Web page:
Communication

Would Princess Diana Have Been A Blogger?

In an interview on NPR, The Diana Chronicles author Tina Brown says “Diana had represented feeling, and the end of the stiff upper lip,” but the Princess comes off sounding a bit like a harbinger of the Cluetrain. Yes it’s all about the Royals, the glamor, and her dramatic death ten years ago, but take […] » about 400 words

NCAA Set To Ban Text Messaging Between Recruiters And High School Students

College sports are big business, so recruiting student athletes is big business. The NCAA limits the times coaches and recruiters can call or visit athletes, but text messages are all fair game. For now. The Chronicle of Higher Education explained in an October 2006 story: Before Chandler Parsons committed to play basketball for the University […] » about 300 words

Twittter Twittter Twittter

Ryan tried to tell me about it a month ago, Jessamyn gets the idea but uses Facebook instead, DeWitt fell for it, Ross said it tipped the tuna, and now I’m finally checking Twitter out. I signed up yesterday and immediately went looking for ways to connect Twitter, Plazes, and iChat.

Tweet is an AppleScript that works with Quicksilver (a launcher) and Twitterrific (a desktop Twitter client) to make updating even easier. Matt Matteson updated it to set iChat status, and Ruben Broman added Plazes integration.

What’s it good for? Think of it like a snack-sized micro mini blog if you want. Or think of it like chatting with your 500 (or 5 million) closest friends. Or think of it as another way of extending personal presence in the electronic age, little bits of information that exist in the environment.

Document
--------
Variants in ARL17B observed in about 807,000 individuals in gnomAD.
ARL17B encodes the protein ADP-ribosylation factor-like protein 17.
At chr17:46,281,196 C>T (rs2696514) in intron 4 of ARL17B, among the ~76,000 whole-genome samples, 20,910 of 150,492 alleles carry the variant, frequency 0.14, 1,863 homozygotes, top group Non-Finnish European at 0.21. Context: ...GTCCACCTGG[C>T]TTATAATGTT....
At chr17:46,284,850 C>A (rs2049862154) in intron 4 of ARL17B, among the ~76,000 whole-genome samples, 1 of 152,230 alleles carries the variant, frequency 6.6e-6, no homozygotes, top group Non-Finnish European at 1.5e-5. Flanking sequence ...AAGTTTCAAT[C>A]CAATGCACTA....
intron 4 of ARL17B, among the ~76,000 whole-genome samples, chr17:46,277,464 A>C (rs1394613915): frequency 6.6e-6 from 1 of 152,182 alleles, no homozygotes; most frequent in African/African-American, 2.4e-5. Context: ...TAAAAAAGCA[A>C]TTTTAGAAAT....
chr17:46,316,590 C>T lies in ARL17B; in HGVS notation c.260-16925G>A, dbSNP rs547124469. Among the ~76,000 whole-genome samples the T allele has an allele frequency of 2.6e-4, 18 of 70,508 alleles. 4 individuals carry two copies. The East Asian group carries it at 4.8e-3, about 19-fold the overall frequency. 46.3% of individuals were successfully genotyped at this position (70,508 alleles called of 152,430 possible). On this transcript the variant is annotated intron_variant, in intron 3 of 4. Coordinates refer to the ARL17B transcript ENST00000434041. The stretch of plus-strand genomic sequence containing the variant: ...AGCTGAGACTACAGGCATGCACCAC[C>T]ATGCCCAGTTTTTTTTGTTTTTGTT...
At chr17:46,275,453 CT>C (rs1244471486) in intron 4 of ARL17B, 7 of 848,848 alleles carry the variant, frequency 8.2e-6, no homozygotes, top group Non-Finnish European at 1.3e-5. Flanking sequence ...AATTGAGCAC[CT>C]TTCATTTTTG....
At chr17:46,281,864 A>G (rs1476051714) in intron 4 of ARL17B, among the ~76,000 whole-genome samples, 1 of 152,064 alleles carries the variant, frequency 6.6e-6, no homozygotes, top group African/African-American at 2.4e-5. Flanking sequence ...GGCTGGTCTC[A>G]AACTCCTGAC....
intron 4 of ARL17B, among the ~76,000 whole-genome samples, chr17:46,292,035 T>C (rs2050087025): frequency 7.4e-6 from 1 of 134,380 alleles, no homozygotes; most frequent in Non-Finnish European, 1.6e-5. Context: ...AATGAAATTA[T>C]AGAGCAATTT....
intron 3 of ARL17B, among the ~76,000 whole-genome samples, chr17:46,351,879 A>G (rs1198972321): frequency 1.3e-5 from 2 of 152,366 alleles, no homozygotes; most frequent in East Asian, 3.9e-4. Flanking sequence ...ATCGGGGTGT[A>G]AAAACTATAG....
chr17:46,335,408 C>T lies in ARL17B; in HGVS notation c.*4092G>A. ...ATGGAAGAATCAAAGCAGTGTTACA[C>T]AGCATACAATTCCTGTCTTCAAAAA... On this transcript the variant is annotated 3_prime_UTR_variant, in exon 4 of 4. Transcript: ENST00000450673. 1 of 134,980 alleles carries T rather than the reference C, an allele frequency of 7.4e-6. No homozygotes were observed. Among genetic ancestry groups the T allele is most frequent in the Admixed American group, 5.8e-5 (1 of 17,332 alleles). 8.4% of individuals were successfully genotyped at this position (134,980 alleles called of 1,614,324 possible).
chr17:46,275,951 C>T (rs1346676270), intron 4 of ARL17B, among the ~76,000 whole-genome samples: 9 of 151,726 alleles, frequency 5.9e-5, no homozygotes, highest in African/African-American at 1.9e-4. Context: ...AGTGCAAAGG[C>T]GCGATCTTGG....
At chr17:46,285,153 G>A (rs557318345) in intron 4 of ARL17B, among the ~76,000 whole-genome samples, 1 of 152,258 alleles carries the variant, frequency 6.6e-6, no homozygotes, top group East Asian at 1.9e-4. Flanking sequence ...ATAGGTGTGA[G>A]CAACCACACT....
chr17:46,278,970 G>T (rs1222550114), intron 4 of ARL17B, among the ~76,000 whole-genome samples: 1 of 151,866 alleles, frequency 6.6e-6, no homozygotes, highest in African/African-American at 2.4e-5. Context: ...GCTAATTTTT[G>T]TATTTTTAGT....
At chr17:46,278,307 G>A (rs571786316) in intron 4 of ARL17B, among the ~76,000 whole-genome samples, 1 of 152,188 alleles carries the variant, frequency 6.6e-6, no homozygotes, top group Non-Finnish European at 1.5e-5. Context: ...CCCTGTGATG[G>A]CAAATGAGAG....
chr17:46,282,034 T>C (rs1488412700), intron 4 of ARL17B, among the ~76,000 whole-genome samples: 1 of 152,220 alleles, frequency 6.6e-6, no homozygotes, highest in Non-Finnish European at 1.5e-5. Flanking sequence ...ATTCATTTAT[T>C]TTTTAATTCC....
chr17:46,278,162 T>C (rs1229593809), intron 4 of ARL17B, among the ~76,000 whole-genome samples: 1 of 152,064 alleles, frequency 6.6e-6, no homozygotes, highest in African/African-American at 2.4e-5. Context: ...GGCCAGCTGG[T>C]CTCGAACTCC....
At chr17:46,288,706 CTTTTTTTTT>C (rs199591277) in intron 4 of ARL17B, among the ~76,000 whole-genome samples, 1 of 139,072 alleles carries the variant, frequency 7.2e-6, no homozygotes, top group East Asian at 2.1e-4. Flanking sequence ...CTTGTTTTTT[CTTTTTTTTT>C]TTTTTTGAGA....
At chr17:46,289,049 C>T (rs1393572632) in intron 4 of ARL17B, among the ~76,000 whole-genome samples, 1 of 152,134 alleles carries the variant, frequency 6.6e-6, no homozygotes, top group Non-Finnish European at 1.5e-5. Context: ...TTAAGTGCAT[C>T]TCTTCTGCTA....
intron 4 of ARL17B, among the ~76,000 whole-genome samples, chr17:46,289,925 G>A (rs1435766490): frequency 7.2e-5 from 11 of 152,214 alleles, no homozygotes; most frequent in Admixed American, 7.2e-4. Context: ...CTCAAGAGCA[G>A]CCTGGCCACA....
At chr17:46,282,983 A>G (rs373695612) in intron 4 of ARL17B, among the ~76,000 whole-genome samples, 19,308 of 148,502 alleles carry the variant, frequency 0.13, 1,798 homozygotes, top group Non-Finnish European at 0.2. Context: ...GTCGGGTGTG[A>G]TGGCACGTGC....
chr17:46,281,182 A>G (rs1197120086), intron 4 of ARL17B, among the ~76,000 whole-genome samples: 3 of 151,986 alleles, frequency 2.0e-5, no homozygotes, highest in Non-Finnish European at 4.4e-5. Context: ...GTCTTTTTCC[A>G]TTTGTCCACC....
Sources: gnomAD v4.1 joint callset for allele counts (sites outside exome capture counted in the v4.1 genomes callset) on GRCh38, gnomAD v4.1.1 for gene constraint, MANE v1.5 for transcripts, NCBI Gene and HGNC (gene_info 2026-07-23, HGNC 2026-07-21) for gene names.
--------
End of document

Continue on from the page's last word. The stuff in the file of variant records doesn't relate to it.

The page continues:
Email Is For Old People

I happened to stumble back onto the Pew Internet Report on teens and technology from July 2005 that report that told us “87% of [US children] between the ages of 12 and 17 are online.” But the part I’d missed before regarded how these teens were using communication technology: Email, once the cutting edge “killer […] » about 400 words

Instant Messenger Or Virtual Reference?

I noted Aaron Schmidt‘s points on IM in libraries previously, but what I didn’t say then was how certain I was that popular instant messaging clients like AOL Instant Messenger or Yahoo!’s or Google’s are far superior to the so-called virtual reference products. Why? They’re free, our patrons are comfortable with them, and they work […] » about 400 words

AIM And Changing Modes Of Communication

There’s a bit of discussion of AIM‘s role in personal communications over at Remaining Relevant. I mention it here because I’ve been thinking about this lately.

We’re seeing some great shifts in our modes of communication. Take a look at how “webinar” technologies have changed sales forces. The promise is lower costs and faster response time, but it also challenges our expectations and the skills of the salesperson. Now imagine the generation of kids who are growing up with AIM entering the workforce. Imagine how much more effectively and naturally they’ll be able to communicate remotely (and also imagine how they’ll probably not tolerate today’s mostly one-way “webinars”).

IM will significantly rearrange the communications landscape, even if it may not completely replace any previous mode. My worry is my doubt about my ability to communicate effectively and naturally in the communication mode that is so common to a generation just younger than mine.